There’s a lot in the old adage that “you are what you eat”. While the saying once meant simply that a healthy diet leads to a healthy body, it now speaks to the rapidly changing role of food in society. Not so long ago, people’s choices of nutrition were pretty much made for them, based on what ingredients were available and how they happened to be cooked in their own discrete cultures. Now, for those of us fortunate enough to live in nations where food is abundant, what we eat has increasingly become a marker of the identities we have chosen for ourselves.
Just take a look at your own kitchen cupboards. There are few better indicators of what kind of person you are. Mine, for instance, are packed with home-made pickles, a large selection of international hot sauces, Oxo cubes and various bottles and jars with the word “artisanal” somewhere on the label. It doesn’t take Holmesean powers of deduction to work out that I’m a British man of a certain age, with a beard and several tattoos, who lives on his own and likes to cook.
Whether you’re a similarly reluctant culinary hipster, a lover of French fine dining or a dedicated vegan, the idea of eating as locally and as seasonally as possible cuts across all boundaries. As you’ll no doubt have read before, reducing the distance our food has to travel before it hits the table is better for the planet, allows us to eat fresher and more nutritiously, and fosters a better understanding of the world we live in.
The only problem with this idea is that it has largely been formulated in temperate – and affluent – western nations that are capable of producing a broad and changing range of crops. Countries with less water and harsher climates have a much tougher time meeting their own food needs.
Take the UAE, for example. When I first moved here, 10 years ago, embracing the locavore philosophy would have been challenging in the extreme. Back then, the overwhelming majority of vegetables and meat came from overseas – the catchment area ranging from relatively near neighbours such as India, Pakistan and Lebanon to much further afield, including the Netherlands, Brazil and Australia.
Of course, there is still plenty of imported food here, but having recently returned to the country – and The National – it is clear that "majority" no longer means "just about everything". A trip to any of Abu Dhabi's excellent supermarkets now reveals a vastly increased range of UAE-grown produce. From peppers, aubergines and cucumbers to courgettes, tomatoes and cauliflowers, the choice is ample and the quality superb. Far from being the impossible task it once was, it is now relatively easy to make great meals without racking up countless thousands of food miles.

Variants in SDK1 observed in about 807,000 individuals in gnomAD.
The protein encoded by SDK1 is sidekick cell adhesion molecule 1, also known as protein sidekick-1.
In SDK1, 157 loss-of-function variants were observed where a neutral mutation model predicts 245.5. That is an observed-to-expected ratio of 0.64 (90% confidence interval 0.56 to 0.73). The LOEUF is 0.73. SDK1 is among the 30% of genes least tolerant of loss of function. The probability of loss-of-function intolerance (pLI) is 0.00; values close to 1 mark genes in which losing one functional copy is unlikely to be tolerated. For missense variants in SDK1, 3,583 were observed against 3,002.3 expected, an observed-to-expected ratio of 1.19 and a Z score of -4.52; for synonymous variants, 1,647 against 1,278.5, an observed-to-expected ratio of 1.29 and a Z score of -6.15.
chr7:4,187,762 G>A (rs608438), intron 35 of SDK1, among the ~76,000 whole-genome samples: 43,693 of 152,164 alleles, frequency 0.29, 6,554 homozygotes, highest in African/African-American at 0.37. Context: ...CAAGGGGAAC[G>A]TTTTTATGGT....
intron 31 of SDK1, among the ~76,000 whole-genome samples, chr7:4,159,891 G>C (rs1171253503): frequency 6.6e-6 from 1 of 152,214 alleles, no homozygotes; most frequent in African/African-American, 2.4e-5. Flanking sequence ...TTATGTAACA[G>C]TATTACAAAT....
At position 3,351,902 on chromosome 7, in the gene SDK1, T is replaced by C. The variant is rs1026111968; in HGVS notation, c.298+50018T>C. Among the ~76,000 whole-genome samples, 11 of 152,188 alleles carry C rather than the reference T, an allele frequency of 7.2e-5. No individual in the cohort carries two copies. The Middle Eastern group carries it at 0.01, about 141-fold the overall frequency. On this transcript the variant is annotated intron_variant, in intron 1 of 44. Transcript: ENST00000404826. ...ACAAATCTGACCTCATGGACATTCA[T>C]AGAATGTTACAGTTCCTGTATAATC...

And if you’re a little forgiving in your definition of local, the options are bounteous. Just including Oman, the border of which lies less than 200km away from the capital, opens up a whole delicious world of okra, beets, papayas, bananas, mangoes and coconuts – in fact, I’ve come to refer to it as “the garden of the Gulf”.
In our own backyard, the Ministry of Climate Change and Environment recently released a report stating that 20 per cent of all fruit and vegetables consumed in the UAE are now grown here. The same document goes on to detail how at least Dh35 million worth of local produce was sold at Carrefour, Union Co-op and LuLu stores nationwide in the last year. These statistics are impressive, and with events such as Deerfields Mall’s Friday and Saturday farmers markets, and LuLu’s promotion of UAE-grown food, it appears that demand and accessibility are rising hand in hand.
None of this is down to happenstance. In October last year, the UAE government announced that it was reaching the final phase of its plan for food security. Part of this strategy is globally focused, as illustrated by the inking of an agreement with Uganda to establish an agricultural free zone in the country for Emirati companies. However, efforts to increase domestic production with the use of the latest technology are just as important. To that end, Dubai has recently committed to building 12 vertical farms, based on cutting-edge hydroponic systems, which will be capable of producing a colossal amount of fruit and vegetables.
There is also a growing choice of local meat, dairy produce and eggs, and let’s not forget that there has always been a plentiful supply of high-quality seafood here. For me, the best way to purchase these items is to head to dedicated spaces. Mushrif Mall’s meat market, for example, is a convivial, hands-on kind of place, offering a wide variety of imported and UAE-reared livestock – from chicken and quail to goat and gazelle. Mina Port fish market, meanwhile, is a living history lesson in the heart of Abu Dhabi. Its dhows dock every day laden with shrimp, crab, lobster and fish from nearby waters, and if you’re feeling particularly lazy, several stalls will even spice and roast your purchases for you, ready to take home. Try it and you won’t have a better dinner all week.
And that’s the key to it all, really. In addition to being ethically sound, eating local makes food a more interesting and involving experience. What better and more immediate way is there to engage with the place you live than buying what’s grown and reared there, direct from the source? You don’t have to commit your life to it, either. You can start small and aim for a meal or two a week, or just make an effort to cut down on your use of imported products. Next on my UAE menu is a gazelle neck, tomato and pepper ragu. It won’t even go near an Oxo cube.